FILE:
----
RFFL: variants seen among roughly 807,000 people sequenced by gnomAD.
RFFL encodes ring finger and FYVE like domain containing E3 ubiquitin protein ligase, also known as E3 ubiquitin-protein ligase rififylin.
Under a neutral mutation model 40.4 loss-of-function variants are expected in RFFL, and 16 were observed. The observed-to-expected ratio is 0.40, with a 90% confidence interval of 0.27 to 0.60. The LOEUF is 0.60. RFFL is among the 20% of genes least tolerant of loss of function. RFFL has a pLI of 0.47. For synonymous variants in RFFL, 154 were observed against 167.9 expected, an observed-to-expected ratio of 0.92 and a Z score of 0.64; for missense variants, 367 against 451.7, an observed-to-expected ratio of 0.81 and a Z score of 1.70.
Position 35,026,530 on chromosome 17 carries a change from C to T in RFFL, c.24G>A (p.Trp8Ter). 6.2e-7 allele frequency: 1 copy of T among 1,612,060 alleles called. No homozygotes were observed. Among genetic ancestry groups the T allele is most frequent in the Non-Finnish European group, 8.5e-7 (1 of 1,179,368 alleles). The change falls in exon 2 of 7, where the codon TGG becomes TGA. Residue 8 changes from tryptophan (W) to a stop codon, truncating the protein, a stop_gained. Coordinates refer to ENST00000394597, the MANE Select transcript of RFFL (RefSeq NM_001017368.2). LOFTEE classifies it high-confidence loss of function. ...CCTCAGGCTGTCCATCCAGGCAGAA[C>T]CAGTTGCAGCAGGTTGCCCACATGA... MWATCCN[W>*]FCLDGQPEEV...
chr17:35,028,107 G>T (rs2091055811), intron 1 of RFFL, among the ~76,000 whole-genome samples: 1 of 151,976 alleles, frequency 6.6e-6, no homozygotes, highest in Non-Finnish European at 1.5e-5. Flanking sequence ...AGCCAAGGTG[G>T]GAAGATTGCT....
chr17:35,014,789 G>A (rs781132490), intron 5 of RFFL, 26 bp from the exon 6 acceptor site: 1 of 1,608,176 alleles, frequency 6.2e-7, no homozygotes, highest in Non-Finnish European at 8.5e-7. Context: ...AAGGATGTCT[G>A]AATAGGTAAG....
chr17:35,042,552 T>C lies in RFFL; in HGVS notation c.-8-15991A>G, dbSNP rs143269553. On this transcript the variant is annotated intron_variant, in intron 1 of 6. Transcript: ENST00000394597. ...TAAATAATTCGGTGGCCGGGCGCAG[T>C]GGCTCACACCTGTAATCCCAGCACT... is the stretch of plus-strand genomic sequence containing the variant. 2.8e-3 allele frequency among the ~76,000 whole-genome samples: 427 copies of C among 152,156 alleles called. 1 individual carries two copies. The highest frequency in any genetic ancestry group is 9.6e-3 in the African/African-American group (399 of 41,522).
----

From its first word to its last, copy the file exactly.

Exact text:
RFFL: variants seen among roughly 807,000 people sequenced by gnomAD.
RFFL encodes ring finger and FYVE like domain containing E3 ubiquitin protein ligase, also known as E3 ubiquitin-protein ligase rififylin.
Under a neutral mutation model 40.4 loss-of-function variants are expected in RFFL, and 16 were observed. The observed-to-expected ratio is 0.40, with a 90% confidence interval of 0.27 to 0.60. The LOEUF is 0.60. RFFL is among the 20% of genes least tolerant of loss of function. RFFL has a pLI of 0.47. For synonymous variants in RFFL, 154 were observed against 167.9 expected, an observed-to-expected ratio of 0.92 and a Z score of 0.64; for missense variants, 367 against 451.7, an observed-to-expected ratio of 0.81 and a Z score of 1.70.
Position 35,026,530 on chromosome 17 carries a change from C to T in RFFL, c.24G>A (p.Trp8Ter). 6.2e-7 allele frequency: 1 copy of T among 1,612,060 alleles called. No homozygotes were observed. Among genetic ancestry groups the T allele is most frequent in the Non-Finnish European group, 8.5e-7 (1 of 1,179,368 alleles). The change falls in exon 2 of 7, where the codon TGG becomes TGA. Residue 8 changes from tryptophan (W) to a stop codon, truncating the protein, a stop_gained. Coordinates refer to ENST00000394597, the MANE Select transcript of RFFL (RefSeq NM_001017368.2). LOFTEE classifies it high-confidence loss of function. ...CCTCAGGCTGTCCATCCAGGCAGAA[C>T]CAGTTGCAGCAGGTTGCCCACATGA... MWATCCN[W>*]FCLDGQPEEV...
chr17:35,028,107 G>T (rs2091055811), intron 1 of RFFL, among the ~76,000 whole-genome samples: 1 of 151,976 alleles, frequency 6.6e-6, no homozygotes, highest in Non-Finnish European at 1.5e-5. Flanking sequence ...AGCCAAGGTG[G>T]GAAGATTGCT....
chr17:35,014,789 G>A (rs781132490), intron 5 of RFFL, 26 bp from the exon 6 acceptor site: 1 of 1,608,176 alleles, frequency 6.2e-7, no homozygotes, highest in Non-Finnish European at 8.5e-7. Context: ...AAGGATGTCT[G>A]AATAGGTAAG....
chr17:35,042,552 T>C lies in RFFL; in HGVS notation c.-8-15991A>G, dbSNP rs143269553. On this transcript the variant is annotated intron_variant, in intron 1 of 6. Transcript: ENST00000394597. ...TAAATAATTCGGTGGCCGGGCGCAG[T>C]GGCTCACACCTGTAATCCCAGCACT... is the stretch of plus-strand genomic sequence containing the variant. 2.8e-3 allele frequency among the ~76,000 whole-genome samples: 427 copies of C among 152,156 alleles called. 1 individual carries two copies. The highest frequency in any genetic ancestry group is 9.6e-3 in the African/African-American group (399 of 41,522).